Tuesday, June 23, 2009

Hyatt’s random walk down service street

Last month, Hyatt Hotels’ C.E.O., Mark Holamazian, announced that Hyatt Hotel employees will be performing “random acts of generosity” for some customers, such as comping a bar tab or waiving charges for a family breakfast. Bloggers have noted that conducting a publicity campaign around gestures hardly seems random, and runs the risk of angering those who don’t receive the largesse.

Rob Walker’s Consumed column in this week’s New York Times Sunday Magazine points out that the Hyatt campaign is an effort to leave the customer grateful. Walker cites a coming paper in the Journal of Marketing which argues that a customer who is made to feel grateful is likely to become “enduringly loyal.” Humans enjoy reciprocating out of gratitude, and we feel guilty when we don’t, which is a phenomenon that businesses can exploit. But, as Walker writes, in order to inspire gratitude, favors must be performed “as a function of free will,” not merely in service of company rules. Loyalty programs sponsored by hotels and airlines do not automatically inspire gratitude; instead, frequent customers feel entitled to the free flights and hotel nights, and strategize to gain the most generous rewards for the points they’ve earned.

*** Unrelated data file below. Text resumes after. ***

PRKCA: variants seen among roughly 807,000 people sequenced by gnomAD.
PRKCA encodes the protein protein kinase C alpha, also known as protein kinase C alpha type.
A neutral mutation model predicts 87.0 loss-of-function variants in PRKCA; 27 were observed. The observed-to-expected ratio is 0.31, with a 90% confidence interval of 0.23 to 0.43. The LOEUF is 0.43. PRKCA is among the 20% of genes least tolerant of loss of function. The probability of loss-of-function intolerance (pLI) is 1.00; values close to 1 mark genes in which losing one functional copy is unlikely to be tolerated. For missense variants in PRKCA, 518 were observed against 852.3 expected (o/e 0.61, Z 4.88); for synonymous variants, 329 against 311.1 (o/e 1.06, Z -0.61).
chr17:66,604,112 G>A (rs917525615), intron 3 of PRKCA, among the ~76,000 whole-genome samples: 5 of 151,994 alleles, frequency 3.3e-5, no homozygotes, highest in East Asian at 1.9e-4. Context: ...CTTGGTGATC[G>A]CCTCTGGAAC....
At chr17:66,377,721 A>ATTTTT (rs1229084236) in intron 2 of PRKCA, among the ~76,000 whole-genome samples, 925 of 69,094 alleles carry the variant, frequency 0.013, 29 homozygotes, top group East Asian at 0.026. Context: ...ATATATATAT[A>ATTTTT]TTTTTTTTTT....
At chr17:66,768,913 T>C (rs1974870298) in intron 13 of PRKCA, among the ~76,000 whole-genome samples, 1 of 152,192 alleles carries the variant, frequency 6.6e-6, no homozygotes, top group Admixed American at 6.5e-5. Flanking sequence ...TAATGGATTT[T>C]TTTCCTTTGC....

It’s not wrong for Hyatt to be ramping up customer service, especially now. Service has always driven loyalty, especially when customers are giving more thought to how they spend each dollar. One recent study found that nearly half of all customers feel service has declined since the recession started, and more than that said they’ve recently cut ties with a company due to a service lapse. It’s no coincidence that Nordstrom, with its legendary customer service, has recently trounced competitors such as Macy’s and Saks in terms of sales and stock performance. But we question whether Hyatt’s scattershot, random approach is the best way to go. Hyatt, and other businesses, might be better off building a reputation for top-notch customer service available consistently to all customers. What happens to customers who – having read about the plan – expect but then don’t receive any random generosity? And what about those who receive it a first time but may not “randomly” ever get it again? What happens to their loyalty? What do you think?
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